I’ve found the wedding planning process has brought all of my insecurities (hellloooo body image) to the forefront with a roar, and I think sometimes, in our vulnerabilities we look at other people’s relationships and see all the good, and then we look at our own lives and see the voids. I don’t say all this to diminish something that has been painful for you, just to attempt to round out the picture a bit. Best of luck. I hope your wedding makes you feel showered by love!

      • Amy

        That’s a really good point. It helps. Thanks :)

    • Kate

      I think we tend to hold up the best friend as the pinnacle of human friendship. In media (especially in movies), depictions of female friendships fall into a certain stereotype just as often as depictions of romantic relationships. Some people have best friends for life, like the author. Some people have serial best friends. Some people don’t have best friends at all. There are a million different forms of friendship out there, don’t worry if you’re lacking one. That said, don’t be ashamed of wanting people in your life who will genuinely care for you, and will help out in tough times. One person probably can’t be All the Things though.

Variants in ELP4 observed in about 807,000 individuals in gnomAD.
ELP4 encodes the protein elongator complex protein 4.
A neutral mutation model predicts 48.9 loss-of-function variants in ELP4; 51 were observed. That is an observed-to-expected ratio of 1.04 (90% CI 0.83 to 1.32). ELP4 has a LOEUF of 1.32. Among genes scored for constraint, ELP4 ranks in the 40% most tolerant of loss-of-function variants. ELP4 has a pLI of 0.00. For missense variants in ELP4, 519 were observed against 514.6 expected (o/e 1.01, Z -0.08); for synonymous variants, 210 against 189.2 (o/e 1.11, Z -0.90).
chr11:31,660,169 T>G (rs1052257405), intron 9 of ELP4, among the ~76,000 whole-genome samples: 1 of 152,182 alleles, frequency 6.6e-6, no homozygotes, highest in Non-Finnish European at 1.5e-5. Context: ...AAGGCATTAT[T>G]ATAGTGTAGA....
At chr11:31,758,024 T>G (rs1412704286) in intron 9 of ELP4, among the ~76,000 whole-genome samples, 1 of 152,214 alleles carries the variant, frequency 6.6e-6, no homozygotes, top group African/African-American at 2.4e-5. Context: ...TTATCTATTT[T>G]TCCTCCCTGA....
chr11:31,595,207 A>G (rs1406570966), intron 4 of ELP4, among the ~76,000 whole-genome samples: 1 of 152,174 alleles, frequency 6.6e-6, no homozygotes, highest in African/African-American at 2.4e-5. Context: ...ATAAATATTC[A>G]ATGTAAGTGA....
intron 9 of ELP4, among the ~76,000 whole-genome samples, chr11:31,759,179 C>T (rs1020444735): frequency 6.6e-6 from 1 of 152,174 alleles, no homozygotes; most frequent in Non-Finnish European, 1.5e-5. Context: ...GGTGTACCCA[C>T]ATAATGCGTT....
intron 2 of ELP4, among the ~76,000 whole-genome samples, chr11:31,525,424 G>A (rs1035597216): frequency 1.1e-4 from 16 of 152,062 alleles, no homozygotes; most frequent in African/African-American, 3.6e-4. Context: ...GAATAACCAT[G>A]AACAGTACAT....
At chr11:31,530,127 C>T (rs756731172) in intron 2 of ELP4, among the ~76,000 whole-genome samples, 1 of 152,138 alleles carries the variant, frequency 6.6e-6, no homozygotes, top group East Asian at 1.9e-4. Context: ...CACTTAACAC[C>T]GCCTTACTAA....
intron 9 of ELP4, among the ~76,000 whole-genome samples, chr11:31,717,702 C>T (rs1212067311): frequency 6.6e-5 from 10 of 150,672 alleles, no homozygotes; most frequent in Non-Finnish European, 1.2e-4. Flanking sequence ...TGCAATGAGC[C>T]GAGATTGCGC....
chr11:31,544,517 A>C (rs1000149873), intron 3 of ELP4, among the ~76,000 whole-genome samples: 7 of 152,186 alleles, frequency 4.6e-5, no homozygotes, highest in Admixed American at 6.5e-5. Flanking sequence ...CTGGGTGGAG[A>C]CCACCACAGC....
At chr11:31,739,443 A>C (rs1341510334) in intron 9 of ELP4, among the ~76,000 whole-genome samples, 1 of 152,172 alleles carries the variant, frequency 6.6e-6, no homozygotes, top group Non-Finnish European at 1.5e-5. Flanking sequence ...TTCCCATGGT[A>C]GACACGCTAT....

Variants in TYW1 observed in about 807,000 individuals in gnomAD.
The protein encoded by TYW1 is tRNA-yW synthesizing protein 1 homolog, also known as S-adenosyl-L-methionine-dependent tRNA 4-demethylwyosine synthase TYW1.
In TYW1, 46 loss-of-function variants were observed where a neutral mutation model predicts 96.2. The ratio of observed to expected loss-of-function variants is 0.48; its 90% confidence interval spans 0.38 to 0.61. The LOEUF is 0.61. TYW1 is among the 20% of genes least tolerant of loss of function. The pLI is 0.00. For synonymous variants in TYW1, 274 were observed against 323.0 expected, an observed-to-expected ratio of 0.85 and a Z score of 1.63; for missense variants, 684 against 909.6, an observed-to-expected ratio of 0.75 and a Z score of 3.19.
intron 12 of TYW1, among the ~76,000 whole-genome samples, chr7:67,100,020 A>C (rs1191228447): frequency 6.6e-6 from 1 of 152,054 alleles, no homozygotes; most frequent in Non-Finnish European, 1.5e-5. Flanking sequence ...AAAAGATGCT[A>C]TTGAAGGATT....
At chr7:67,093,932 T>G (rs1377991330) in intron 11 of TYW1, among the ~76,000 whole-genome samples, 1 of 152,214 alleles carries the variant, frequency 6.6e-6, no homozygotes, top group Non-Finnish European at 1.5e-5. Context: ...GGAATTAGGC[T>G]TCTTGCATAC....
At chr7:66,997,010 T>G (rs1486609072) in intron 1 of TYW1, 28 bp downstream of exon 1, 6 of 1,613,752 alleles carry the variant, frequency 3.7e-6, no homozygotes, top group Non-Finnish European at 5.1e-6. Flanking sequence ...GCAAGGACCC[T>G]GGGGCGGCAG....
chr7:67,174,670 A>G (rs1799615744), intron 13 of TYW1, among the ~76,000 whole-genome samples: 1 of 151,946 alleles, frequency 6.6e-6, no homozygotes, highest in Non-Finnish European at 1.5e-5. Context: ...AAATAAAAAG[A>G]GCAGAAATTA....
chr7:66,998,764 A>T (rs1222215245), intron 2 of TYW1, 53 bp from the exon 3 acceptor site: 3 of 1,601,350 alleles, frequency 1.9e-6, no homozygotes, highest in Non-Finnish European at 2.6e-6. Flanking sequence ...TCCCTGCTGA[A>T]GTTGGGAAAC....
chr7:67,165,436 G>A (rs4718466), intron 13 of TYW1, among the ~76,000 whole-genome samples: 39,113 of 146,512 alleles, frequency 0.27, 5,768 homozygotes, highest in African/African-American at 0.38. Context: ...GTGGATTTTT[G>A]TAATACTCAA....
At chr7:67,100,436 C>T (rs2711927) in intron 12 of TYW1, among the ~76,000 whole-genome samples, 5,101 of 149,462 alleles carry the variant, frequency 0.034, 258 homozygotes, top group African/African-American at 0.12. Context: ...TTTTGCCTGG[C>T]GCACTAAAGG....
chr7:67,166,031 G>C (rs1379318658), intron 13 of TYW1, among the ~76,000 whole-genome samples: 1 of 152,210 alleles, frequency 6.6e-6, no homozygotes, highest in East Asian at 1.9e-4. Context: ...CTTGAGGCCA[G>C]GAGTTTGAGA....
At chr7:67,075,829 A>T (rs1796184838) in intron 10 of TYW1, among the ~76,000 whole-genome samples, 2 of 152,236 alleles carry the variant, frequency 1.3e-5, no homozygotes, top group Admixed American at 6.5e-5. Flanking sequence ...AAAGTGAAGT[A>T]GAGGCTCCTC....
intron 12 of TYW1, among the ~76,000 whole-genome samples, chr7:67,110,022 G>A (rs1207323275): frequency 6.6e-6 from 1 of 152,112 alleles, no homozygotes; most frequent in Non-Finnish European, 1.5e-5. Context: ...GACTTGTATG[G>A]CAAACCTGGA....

• Amy

        Yeah, for me it’s less about me not feeling like I’m living up to some cultural standard, but more so just craving the type of friendship that I know exists somewhere – the kind of friendship that at one point I thought I had but was proven so, so wrong, about.

        These days my (brand new!) husband is my best friend though, and I treasure that deeply.